• 2003–Debt Ceiling: $7.4 Trillion;  61.4% of GDP
  • 2004–Debt Ceiling: $7.4 Trillion;  62.5% of GDP
  • 2005–Debt Ceiling: $8.2 Trillion;  64.0% of GDP
  • 2006–Debt Ceiling: $8.96 Trillion;  64.2% of GDP
  • 2007–Debt Ceiling: $9.8 Trillion;  65.4% of GDP
  • 2008–Debt Ceiling: $10.6 Trillion;  70% of GDP
  • 2009–Debt Ceiling: $12.4 Trillion;  84.1% of GDP
  • 2010–Debt: $13.5 Trillion;  93.4% of GDP
  • 2011–Debt Ceiling:  $14.4 Trillion:  100%+ of GDP  (Projected)

Do you see the trend?  In the past 3 years we will have increased the debt ceiling by 40% and raised the Debt Ceiling: GDP percentage from 65% to 100% of our GDP.  Obama’s proposed budget for 2012 is to spend over $3.4 Trillion and add over $1.5 Trillion more debt…

The scary part is that the increased government spending since from 2008 to present was supposed to invigorate the economy but the economy remains flat with inflationary pressures on the horizon.  Since we have been in a prolonged recession, 4+years, there is no way for the government to increase tax revenues with further damaging the economy.  The Debt Ceiling is the argument in terms of future budgets.  The Debt Ceiling is like a credit card limit to an individual.  The Government will be asking for an additional $2 Trillion credit card limit in the next few weeks.  If we give it to them, will they earnestly try to reduce spending?  I seriously doubt it.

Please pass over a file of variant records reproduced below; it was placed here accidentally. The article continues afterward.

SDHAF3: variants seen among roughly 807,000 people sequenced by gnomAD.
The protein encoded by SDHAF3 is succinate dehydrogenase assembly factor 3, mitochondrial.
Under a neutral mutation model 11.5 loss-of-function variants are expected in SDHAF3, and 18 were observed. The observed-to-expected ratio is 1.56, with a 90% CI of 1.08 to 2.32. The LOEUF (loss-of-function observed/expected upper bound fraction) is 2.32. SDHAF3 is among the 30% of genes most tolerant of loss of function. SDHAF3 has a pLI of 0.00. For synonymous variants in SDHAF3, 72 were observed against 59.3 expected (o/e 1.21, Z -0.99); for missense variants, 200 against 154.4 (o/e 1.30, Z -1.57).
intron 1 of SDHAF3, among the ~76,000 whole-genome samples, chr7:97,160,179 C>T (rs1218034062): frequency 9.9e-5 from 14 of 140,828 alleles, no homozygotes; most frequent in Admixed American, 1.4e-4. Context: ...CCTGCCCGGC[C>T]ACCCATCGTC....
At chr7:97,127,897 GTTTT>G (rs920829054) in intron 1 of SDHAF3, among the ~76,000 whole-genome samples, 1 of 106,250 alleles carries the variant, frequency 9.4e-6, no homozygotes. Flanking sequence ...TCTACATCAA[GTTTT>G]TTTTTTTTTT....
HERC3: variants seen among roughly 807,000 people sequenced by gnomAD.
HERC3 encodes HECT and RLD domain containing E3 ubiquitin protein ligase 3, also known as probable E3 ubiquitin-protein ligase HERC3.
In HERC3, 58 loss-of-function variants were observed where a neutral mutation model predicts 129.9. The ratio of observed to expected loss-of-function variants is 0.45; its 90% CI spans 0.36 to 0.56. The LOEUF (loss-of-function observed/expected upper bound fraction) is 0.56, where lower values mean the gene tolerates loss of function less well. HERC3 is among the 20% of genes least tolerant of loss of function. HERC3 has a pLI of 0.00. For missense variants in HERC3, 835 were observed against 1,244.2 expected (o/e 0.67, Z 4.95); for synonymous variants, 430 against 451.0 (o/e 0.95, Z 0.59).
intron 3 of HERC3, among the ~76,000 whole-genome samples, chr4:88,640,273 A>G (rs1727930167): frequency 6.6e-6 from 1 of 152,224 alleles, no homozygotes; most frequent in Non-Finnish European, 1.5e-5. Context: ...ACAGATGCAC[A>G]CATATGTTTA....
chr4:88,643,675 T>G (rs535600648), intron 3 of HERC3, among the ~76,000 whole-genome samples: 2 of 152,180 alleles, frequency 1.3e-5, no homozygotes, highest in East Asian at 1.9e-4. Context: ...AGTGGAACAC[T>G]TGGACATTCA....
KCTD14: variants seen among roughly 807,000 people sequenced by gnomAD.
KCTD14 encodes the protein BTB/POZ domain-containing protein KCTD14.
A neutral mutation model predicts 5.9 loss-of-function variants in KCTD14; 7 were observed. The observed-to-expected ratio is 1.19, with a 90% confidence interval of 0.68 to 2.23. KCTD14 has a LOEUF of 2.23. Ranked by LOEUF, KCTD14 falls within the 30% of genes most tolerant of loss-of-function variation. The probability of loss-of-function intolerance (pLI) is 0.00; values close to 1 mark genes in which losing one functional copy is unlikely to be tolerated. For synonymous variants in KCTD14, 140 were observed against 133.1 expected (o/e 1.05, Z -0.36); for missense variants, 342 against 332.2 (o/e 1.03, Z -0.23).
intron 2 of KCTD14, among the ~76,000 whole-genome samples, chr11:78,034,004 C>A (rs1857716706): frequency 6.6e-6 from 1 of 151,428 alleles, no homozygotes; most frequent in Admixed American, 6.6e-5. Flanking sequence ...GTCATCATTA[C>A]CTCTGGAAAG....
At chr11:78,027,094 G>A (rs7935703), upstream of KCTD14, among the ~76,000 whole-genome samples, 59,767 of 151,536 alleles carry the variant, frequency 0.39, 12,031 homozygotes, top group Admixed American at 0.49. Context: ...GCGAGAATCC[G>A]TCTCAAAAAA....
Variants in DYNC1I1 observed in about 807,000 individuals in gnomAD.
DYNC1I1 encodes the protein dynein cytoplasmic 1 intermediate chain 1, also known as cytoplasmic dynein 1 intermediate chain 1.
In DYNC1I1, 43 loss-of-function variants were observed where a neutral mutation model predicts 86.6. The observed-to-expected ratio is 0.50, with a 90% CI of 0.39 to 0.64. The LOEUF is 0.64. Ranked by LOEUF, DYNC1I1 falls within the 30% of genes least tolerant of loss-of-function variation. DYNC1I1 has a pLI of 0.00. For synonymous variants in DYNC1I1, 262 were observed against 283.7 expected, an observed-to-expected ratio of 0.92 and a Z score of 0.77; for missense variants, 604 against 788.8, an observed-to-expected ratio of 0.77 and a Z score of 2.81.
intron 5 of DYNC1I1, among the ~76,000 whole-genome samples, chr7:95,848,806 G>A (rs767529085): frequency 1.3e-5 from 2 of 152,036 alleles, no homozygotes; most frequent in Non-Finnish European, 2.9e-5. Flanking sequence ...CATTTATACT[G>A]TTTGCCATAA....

If we hit the Debt Ceiling what will happen?  What happens when you hit your debt limit?  You stop spending.  Does it feel good, heck no!  Congress and this President need to understand that even though they have printed trillions of dollars in new money that has no value, and they continue to spend money we do not have, this has to stop now.  Not next year, now. 

What happens when we hit our debt limit.  This has happened a few times in recent history and the world did not come to an end.  It does put tremendous pressure on politicians to deal with the spending problem.  It gives the demagogues reason to wax poetic and they have already started.  But, this is one more hurdle we cannot afford to step around.  We need to cut spending so we do not have to raise the Debt Ceiling.  Our GDP is week and growth is almost non-existent.  We cannot afford to have our debt at 100% of our GDP which means we owe the same amount that we create in this country on an annual basis.  If every dime from the US economy was used to pay off the national debt, it would take every single dime to do so.

This is not a tenable position to be in…

RD Pierini

http://news.yahoo.com/s/ap/20110411/ap_on_re_us/us_obama_debt_limit

http://en.wikipedia.org/wiki/United_States_public_debt

http://fpc.state.gov/documents/organization/105193.pdf

http://en.wikipedia.org/wiki/United_States_public_debt

http://assets.opencrs.com/rpts/RL31967_20100128.pdf

http://en.wikipedia.org/wiki/Federal_reserve

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2 thoughts on “What is the Debt Ceiling–Is it Critical?”